CASPEO, Orléans, France. www.caspeo.net
Senior Researcher at the Geological Survey of Finland (GTK), Circular Raw Material Hub (Vuorimiehentie 2) 02151, Espoo, Finland
Laboratory test sample representativity: an easily neglected aspect in consignment and its economic impact
Li Huachang and Zhu Mingwei
BGRIMM MTC Technology Co. Ltd, China
HERZOG Maschinenfabrik GmbH & Co. KG, Germany
Incorrect sampling practices always have significant economic consequences—and never more so than where tonnages are large...
Honorary Fellow, CSIRO Mineral Resources, Australia
Case 1. Even a small sampling bias can have a BIG negative economic consequence
Poor sampling procedures for iron ore can lead to preferential exclusion of coarser high grade particles from shipment samples for analysis due to cutter apertures that are too small or cutter speeds that are too high. This leads to a negative bias on Fe content—the result is that shipments are also carrying away substantial lost revenues!
Pedro Carrasco, Pablo Carrasco and Eduardo Jara
Incorrect sampling operations cause huge economic losses to the mining industry, here illustrated by three industrial cases, which also show that when the Theory of Sampling (TOS) is applied correctly (ensuring unbiased sam-pling and analysis), considerable amounts of money can be saved.
Sampling density influences the estimated value of mining plan alternatives
Kim H. Esbensen
Independent researcher, consultant, owner, KHE Consulting, Copenhagen
The costs of hidden bacteria: challenges for representative sampling and measuring bacterial loads in an industrial slaughterhouse
ToxicoWatch Foundation, Harlingen, The Netherlands
Materials Sampling & Consulting. [email protected]
PhD, Manager Process Control & Development On-Line Analysis, Glencore Nikkelverk AS; Head of organisational committee for WCSB10
Professor emeritus, Lappeenranta Lahti University of technology (LUT), Finland and President, Senior Consultant, Sirpeka Oy, Finland
Richard C.A. Minnitt
Visiting Emeritus Professor, University of the Witwatersrand, Johannesburg, South Africa
Kim H. Esbensen
Money out the window—either way
The “Gandalf” soil sampling project at a former industrial site in Copenhagen, Denmark: evaluating soil classification reliability
When previously industrialised or urbanised sites are redeveloped, the contamination of the soil is a vital consideration. It is essential that it is classified correctly as being fit for reuse or only for landfill, or even needing decontamination. When dealing with truck loads of soil, correct, representative sampling is essential to assure safety and to minimise unnecessary costs.
Kim Esbensen has enlisted the support of another doyen of representative sampling, Pentti Minkkinen. In the commercial world, the reason for analysis comes down to money: whether ensuring you are getting what you paid for, but not providing more than necessary, or in regulatory compliance and the avoidance of fines. Kim’s Column has been pushing the importance of not overlooking the sampling step since its beginnings, and this edition provides clear examples where the consequences are costly; very costly.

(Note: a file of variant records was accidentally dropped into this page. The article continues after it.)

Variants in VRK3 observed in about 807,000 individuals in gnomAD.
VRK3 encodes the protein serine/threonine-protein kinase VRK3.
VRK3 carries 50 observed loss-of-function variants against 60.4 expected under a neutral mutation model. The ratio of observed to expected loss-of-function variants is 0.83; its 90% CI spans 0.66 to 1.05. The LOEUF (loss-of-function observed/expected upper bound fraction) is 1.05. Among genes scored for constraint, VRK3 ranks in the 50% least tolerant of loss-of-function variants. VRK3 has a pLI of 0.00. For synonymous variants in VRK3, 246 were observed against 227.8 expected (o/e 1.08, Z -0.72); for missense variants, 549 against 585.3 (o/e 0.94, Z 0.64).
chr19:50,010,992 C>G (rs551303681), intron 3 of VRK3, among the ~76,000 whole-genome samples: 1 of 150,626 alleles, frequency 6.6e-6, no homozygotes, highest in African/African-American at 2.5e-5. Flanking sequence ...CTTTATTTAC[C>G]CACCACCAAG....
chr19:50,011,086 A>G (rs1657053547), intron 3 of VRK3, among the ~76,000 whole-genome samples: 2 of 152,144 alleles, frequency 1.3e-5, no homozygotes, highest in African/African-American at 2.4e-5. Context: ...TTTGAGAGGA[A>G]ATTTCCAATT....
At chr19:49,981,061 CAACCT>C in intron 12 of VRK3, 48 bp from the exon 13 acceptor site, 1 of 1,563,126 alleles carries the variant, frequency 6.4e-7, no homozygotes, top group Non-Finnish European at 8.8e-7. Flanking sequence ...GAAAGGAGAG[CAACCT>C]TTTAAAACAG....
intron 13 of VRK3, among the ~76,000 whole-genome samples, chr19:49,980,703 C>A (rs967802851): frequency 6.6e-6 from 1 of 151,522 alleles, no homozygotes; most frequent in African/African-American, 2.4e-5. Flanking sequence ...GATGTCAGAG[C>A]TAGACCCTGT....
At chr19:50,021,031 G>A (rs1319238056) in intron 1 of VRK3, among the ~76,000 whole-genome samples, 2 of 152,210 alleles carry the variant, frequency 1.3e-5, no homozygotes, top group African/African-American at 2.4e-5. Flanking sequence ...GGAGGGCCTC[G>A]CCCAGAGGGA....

Many of you will be working in the cancer field, whether in diagnosis or research, in which case you will be very interested in this Sampling Column. Even if this is not your field of work, you will be interested from a personal point of view! It presents a fascinating idea and solution to improving the identification of different parts of a tumour and, thus, to provide better personalised treatment. “…in solid tumour oncology, representative sampling is truly a matter of life or death…”
WHAT are sampling errors—and WHAT can we do about them? Part 2: Sampling and weighing—different, but the same…
This cannot be true—surely sampling and weighing are different activities. Well yes—and no! Sampling and weighing of traded metal, mineral and agro commodities are different activities—but at one or several stages in the supply chain they will come together in a single focus point, which is value ($, EUR).
The Sampling Column provides some easy-to-understand examples of what sampling errors are, what are the consequences of them and what can be done about them. Particular examples from pharma, PAT and NIR spectroscopy are provided.
Oscar Dominquez here presents the critical role of QM in the mining sector, where everything is BIG: tonnages, challenges, environmental impact, profits, risks—illustrating how proper sampling is a major critical success factor also here. But the mining sector view is not unique; the QM prerogatives can be carried over to very many other sectors as well.
There is hardly any other application field where correct sampling is as critically important than for Gold mineral resource estimation, because of the very low grades and the extremely irregular mineralisation heterogeneities encountered.